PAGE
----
Wed, Jul 16, 2003 - Page 5 News List

Media praises Vajpayee for Iraq move

AFP , NEW DELHI

The Indian media and opposition hailed yesterday the government's decision not to send troops to Iraq, as press reports indicated the prime minister himself had pulled the plug on the controversial proposal.

Prime Minister Atal Behari Vajpayee had initially been open to Washington's request that India provide some 17,000 troops to a stabilization force in war-wracked Iraq, a report in the Hindu newspaper said.

But he eventually rejected it after it became clear that the troops were likely to have to stay at least two-and-a-half years and had a high chance of suffering deaths and injuries, it said.

Vajpayee also feared there would be bad publicity for his ruling Bharatiya Janata Party (BJP) ahead of key state and national elections should Indian soldiers be brought home in bodybags, the daily said.

The Indian cabinet announced on Monday it would not send troops to Iraq unless under a UN mandate, although it was ready to help in the reconstruction of the country.

In an editorial, the Hindu described the decision as "right and sensible" as there was no reason to stake the lives of soldiers spending huge national funds for "an illegitimate act of aggression."

It added that India should not feel obliged to send troops even if the UN took the helm of the peacekeeping operations in Iraq.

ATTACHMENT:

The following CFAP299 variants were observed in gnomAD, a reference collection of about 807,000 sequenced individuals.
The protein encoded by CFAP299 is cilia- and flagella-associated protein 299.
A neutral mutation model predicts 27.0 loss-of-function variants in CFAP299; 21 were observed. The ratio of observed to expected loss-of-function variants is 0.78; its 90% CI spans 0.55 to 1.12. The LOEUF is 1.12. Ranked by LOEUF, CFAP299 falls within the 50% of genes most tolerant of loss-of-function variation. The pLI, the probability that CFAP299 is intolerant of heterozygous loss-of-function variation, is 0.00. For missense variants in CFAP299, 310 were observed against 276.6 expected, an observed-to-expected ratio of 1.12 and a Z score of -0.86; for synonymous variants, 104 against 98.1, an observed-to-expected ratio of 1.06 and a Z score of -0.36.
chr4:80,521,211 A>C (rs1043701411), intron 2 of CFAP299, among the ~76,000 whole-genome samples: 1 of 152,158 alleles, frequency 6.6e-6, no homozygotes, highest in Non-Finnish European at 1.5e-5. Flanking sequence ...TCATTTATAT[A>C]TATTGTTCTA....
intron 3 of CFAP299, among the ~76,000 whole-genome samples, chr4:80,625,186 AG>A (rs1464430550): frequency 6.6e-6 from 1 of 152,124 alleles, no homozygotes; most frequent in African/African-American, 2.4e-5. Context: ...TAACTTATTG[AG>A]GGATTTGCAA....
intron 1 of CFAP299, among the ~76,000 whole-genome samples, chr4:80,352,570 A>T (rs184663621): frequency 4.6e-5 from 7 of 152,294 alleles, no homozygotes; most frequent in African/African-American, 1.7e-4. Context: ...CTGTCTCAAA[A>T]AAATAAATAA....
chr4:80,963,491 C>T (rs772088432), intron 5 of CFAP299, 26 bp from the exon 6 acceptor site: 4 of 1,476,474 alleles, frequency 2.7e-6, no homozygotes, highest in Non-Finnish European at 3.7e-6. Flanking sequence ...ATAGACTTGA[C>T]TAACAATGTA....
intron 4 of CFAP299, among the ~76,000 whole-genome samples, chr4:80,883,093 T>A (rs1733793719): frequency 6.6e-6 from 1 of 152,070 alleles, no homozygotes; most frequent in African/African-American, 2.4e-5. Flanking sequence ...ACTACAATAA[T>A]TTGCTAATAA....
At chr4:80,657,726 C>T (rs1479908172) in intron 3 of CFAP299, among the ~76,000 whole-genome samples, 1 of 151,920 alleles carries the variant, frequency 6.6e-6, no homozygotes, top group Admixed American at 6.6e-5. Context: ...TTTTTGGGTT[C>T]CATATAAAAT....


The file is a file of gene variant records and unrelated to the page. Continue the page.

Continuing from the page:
"Having taken the right and sensible decision, the Indian government must now act in conjunction with other countries to put pressure on the US and UK to disengage from Iraq -- by agreeing, among other things, to give primacy to the United Nations in the task of rehabilitation and reconstruction," the Hindu said.

The Times of India said the US had provided no clear answers to the two main issues for India -- whether Washington had a clear roadmap for transferring power to a democratic Iraqi regime and the level of autonomy Indian troops would enjoy.

What the papers say

* "Having taken the right and sensible decision, the Indian government must now act in conjunction with other countries to put pressure on the US and UK to disengage from Iraq." (`Hindu')

* "For New Delhi to become a party to this political mess would have required not statesmanship, but an impossible faith in the American commitment to do right by Iraq." ('Times of India')

* "Unfortunately, the way we handled Iraq reflects poorly on our ability to act as a major power." ('Indian Express')


It added the growing number of attacks on US troops in Iraq made a strong case for their exit.

"For New Delhi to become a party to this political mess would have required not statesmanship, but an impossible faith in the American commitment to do right by Iraq," it said.

However, the Indian Express newspaper criticized the government decision, saying it had taken refuge behind the "fig leaf of a UN mandate," rather than acting as a responsible power interested in helping war-torn Iraq.

"We must of course support the UN, but the UN is not a mantra for the pursuit of our national interests. Unfortunately, the way we handled Iraq reflects poorly on our ability to act as a major power," it said.

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